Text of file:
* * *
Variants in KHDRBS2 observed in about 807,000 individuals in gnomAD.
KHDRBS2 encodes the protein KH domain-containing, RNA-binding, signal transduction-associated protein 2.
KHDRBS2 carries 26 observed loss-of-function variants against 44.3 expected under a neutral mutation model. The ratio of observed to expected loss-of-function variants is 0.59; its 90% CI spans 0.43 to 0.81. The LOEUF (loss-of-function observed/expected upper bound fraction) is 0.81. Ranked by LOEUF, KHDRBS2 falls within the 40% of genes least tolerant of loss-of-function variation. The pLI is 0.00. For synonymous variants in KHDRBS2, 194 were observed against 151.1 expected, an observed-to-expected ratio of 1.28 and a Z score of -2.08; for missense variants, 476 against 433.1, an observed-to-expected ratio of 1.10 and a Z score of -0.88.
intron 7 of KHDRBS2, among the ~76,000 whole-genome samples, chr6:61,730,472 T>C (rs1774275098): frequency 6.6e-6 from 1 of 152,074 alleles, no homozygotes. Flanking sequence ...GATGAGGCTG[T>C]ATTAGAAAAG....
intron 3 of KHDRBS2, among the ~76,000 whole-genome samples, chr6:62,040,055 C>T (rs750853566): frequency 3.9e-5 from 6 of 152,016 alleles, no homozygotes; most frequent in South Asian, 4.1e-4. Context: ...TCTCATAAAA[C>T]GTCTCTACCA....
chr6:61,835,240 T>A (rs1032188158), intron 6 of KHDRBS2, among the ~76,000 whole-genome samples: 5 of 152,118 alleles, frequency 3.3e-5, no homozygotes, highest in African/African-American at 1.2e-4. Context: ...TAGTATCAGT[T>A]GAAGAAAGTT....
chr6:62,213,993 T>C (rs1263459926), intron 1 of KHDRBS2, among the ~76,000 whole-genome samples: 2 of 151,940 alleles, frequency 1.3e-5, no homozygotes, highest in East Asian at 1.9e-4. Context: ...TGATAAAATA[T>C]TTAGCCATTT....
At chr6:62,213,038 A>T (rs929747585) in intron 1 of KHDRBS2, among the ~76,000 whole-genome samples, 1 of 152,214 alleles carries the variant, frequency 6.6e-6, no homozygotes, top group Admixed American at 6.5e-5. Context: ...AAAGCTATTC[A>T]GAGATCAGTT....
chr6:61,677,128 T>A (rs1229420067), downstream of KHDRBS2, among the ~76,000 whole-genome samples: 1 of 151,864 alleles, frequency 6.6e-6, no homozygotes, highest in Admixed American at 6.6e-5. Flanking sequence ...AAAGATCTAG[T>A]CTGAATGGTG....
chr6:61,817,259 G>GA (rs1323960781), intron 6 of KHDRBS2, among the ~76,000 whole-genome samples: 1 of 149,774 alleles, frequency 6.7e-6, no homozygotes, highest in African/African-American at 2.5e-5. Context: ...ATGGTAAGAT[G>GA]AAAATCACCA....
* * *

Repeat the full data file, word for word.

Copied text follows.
Variants in KHDRBS2 observed in about 807,000 individuals in gnomAD.
KHDRBS2 encodes the protein KH domain-containing, RNA-binding, signal transduction-associated protein 2.
KHDRBS2 carries 26 observed loss-of-function variants against 44.3 expected under a neutral mutation model. The ratio of observed to expected loss-of-function variants is 0.59; its 90% CI spans 0.43 to 0.81. The LOEUF (loss-of-function observed/expected upper bound fraction) is 0.81. Ranked by LOEUF, KHDRBS2 falls within the 40% of genes least tolerant of loss-of-function variation. The pLI is 0.00. For synonymous variants in KHDRBS2, 194 were observed against 151.1 expected, an observed-to-expected ratio of 1.28 and a Z score of -2.08; for missense variants, 476 against 433.1, an observed-to-expected ratio of 1.10 and a Z score of -0.88.
intron 7 of KHDRBS2, among the ~76,000 whole-genome samples, chr6:61,730,472 T>C (rs1774275098): frequency 6.6e-6 from 1 of 152,074 alleles, no homozygotes. Flanking sequence ...GATGAGGCTG[T>C]ATTAGAAAAG....
intron 3 of KHDRBS2, among the ~76,000 whole-genome samples, chr6:62,040,055 C>T (rs750853566): frequency 3.9e-5 from 6 of 152,016 alleles, no homozygotes; most frequent in South Asian, 4.1e-4. Context: ...TCTCATAAAA[C>T]GTCTCTACCA....
chr6:61,835,240 T>A (rs1032188158), intron 6 of KHDRBS2, among the ~76,000 whole-genome samples: 5 of 152,118 alleles, frequency 3.3e-5, no homozygotes, highest in African/African-American at 1.2e-4. Context: ...TAGTATCAGT[T>A]GAAGAAAGTT....
chr6:62,213,993 T>C (rs1263459926), intron 1 of KHDRBS2, among the ~76,000 whole-genome samples: 2 of 151,940 alleles, frequency 1.3e-5, no homozygotes, highest in East Asian at 1.9e-4. Context: ...TGATAAAATA[T>C]TTAGCCATTT....
At chr6:62,213,038 A>T (rs929747585) in intron 1 of KHDRBS2, among the ~76,000 whole-genome samples, 1 of 152,214 alleles carries the variant, frequency 6.6e-6, no homozygotes, top group Admixed American at 6.5e-5. Context: ...AAAGCTATTC[A>T]GAGATCAGTT....
chr6:61,677,128 T>A (rs1229420067), downstream of KHDRBS2, among the ~76,000 whole-genome samples: 1 of 151,864 alleles, frequency 6.6e-6, no homozygotes, highest in Admixed American at 6.6e-5. Flanking sequence ...AAAGATCTAG[T>A]CTGAATGGTG....
chr6:61,817,259 G>GA (rs1323960781), intron 6 of KHDRBS2, among the ~76,000 whole-genome samples: 1 of 149,774 alleles, frequency 6.7e-6, no homozygotes, highest in African/African-American at 2.5e-5. Context: ...ATGGTAAGAT[G>GA]AAAATCACCA....